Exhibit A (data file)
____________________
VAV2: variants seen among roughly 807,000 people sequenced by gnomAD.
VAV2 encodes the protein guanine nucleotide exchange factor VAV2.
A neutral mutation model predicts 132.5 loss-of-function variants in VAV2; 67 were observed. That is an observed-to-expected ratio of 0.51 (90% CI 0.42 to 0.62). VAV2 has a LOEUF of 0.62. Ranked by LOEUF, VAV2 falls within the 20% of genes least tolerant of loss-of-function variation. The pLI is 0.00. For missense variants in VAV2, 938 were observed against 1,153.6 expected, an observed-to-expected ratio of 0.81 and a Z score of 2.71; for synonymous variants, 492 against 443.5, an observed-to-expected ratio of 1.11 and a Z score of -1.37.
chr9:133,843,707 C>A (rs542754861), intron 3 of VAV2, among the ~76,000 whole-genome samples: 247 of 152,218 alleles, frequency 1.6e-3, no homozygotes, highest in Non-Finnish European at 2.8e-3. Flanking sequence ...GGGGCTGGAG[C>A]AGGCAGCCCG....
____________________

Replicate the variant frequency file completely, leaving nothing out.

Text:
VAV2: variants seen among roughly 807,000 people sequenced by gnomAD.
VAV2 encodes the protein guanine nucleotide exchange factor VAV2.
A neutral mutation model predicts 132.5 loss-of-function variants in VAV2; 67 were observed. That is an observed-to-expected ratio of 0.51 (90% CI 0.42 to 0.62). VAV2 has a LOEUF of 0.62. Ranked by LOEUF, VAV2 falls within the 20% of genes least tolerant of loss-of-function variation. The pLI is 0.00. For missense variants in VAV2, 938 were observed against 1,153.6 expected, an observed-to-expected ratio of 0.81 and a Z score of 2.71; for synonymous variants, 492 against 443.5, an observed-to-expected ratio of 1.11 and a Z score of -1.37.
chr9:133,843,707 C>A (rs542754861), intron 3 of VAV2, among the ~76,000 whole-genome samples: 247 of 152,218 alleles, frequency 1.6e-3, no homozygotes, highest in Non-Finnish European at 2.8e-3. Flanking sequence ...GGGGCTGGAG[C>A]AGGCAGCCCG....